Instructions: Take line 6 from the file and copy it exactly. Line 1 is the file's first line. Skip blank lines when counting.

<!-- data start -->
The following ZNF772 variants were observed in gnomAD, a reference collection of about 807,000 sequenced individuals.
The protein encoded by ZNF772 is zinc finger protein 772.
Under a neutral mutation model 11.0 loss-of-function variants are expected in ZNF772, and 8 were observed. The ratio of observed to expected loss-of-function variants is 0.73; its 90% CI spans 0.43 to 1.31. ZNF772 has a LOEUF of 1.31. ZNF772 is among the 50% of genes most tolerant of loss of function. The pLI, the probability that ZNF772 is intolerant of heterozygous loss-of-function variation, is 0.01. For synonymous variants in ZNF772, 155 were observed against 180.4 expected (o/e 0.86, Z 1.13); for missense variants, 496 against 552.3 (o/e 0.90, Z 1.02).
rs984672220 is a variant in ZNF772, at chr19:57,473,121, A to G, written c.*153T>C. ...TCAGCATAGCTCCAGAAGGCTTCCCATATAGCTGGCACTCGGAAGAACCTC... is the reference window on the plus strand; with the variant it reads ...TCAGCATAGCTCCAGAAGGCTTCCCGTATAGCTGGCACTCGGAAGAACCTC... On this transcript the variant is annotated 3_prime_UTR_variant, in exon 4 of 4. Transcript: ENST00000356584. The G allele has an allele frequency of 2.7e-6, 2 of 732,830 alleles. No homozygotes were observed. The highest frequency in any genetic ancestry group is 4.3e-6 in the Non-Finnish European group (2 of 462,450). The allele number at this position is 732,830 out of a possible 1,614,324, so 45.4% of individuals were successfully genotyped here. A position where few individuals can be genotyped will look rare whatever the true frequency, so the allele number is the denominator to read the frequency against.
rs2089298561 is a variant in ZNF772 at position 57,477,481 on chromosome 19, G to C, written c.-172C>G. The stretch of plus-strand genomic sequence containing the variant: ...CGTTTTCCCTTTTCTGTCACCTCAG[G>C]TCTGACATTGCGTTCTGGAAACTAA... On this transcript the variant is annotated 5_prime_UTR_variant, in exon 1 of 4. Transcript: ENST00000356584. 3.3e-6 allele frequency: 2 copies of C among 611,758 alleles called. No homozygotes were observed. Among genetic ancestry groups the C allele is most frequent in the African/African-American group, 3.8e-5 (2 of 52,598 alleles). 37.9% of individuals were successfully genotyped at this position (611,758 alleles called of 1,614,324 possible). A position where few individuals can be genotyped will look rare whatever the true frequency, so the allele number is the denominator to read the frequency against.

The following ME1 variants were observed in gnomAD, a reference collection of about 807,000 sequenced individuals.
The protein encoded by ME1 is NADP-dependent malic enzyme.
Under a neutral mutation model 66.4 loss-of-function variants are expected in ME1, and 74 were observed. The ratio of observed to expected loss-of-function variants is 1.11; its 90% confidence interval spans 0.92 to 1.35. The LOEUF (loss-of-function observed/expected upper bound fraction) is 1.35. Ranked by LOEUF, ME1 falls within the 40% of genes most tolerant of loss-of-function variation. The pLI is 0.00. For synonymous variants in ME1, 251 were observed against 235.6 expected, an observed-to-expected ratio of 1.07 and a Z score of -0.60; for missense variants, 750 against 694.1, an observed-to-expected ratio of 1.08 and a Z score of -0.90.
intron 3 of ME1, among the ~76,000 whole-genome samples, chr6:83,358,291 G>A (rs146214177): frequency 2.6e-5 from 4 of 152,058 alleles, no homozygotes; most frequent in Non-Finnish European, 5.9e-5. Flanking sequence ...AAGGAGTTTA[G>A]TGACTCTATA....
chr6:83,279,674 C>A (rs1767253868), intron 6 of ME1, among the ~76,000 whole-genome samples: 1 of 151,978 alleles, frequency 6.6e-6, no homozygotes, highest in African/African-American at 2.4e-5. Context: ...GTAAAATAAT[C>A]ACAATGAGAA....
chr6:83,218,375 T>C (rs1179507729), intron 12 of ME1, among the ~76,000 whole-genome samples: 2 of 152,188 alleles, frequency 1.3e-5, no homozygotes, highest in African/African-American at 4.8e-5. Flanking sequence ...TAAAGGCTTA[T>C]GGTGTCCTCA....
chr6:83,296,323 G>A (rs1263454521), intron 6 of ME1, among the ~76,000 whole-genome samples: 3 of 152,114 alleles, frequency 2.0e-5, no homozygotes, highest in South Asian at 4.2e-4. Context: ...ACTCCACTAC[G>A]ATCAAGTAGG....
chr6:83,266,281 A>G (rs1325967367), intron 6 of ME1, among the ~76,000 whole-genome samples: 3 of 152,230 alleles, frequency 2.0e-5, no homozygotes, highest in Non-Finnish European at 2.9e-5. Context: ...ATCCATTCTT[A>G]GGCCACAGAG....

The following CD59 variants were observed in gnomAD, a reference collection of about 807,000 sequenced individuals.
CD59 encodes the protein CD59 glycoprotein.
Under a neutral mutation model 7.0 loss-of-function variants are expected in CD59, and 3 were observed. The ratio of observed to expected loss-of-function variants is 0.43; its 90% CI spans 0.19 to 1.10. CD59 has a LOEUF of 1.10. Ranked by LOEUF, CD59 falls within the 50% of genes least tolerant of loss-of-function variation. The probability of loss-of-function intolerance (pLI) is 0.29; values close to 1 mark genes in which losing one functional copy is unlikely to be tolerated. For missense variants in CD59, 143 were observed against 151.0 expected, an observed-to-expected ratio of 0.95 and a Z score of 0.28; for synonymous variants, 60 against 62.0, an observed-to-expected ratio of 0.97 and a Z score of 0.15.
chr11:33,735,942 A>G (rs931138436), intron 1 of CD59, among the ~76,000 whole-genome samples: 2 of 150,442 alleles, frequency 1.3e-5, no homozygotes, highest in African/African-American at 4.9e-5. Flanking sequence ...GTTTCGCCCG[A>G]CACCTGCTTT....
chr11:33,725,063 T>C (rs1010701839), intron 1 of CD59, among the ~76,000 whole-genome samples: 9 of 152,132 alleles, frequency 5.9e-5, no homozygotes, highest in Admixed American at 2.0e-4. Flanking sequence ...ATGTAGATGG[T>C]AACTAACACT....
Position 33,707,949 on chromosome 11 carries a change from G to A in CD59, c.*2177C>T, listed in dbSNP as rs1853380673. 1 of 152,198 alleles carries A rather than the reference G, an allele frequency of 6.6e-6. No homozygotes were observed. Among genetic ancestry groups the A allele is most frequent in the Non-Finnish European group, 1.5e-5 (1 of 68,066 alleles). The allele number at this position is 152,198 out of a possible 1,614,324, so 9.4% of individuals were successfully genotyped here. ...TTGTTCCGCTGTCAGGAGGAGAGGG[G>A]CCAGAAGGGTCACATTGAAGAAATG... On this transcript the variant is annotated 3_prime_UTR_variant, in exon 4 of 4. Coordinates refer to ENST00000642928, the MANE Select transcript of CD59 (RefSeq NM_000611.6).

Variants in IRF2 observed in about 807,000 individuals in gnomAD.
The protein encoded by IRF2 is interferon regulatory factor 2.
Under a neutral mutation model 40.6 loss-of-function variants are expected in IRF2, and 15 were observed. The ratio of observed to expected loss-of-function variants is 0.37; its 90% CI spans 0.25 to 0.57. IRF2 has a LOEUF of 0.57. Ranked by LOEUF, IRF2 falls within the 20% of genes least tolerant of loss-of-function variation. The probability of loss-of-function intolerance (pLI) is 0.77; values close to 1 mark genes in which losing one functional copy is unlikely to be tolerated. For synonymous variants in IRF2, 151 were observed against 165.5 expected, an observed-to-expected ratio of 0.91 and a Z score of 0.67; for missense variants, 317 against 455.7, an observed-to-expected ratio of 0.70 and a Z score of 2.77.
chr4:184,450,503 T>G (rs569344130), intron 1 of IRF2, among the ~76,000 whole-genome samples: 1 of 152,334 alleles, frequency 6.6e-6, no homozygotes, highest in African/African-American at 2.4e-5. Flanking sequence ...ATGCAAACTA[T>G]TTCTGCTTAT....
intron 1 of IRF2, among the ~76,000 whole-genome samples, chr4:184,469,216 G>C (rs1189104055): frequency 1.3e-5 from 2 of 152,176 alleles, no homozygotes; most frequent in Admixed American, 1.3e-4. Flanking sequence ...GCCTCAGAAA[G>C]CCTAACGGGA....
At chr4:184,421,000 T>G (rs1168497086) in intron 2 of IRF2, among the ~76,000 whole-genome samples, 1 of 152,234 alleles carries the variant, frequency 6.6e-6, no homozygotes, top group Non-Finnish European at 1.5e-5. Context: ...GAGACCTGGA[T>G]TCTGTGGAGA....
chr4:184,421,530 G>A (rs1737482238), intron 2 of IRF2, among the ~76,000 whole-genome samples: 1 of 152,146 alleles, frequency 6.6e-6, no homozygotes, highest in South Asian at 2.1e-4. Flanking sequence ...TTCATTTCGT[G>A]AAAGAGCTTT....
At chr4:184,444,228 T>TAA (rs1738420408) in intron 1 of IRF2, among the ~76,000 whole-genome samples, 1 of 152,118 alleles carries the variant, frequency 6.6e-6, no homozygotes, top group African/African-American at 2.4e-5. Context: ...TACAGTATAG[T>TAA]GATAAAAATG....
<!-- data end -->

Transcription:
The following ME1 variants were observed in gnomAD, a reference collection of about 807,000 sequenced individuals.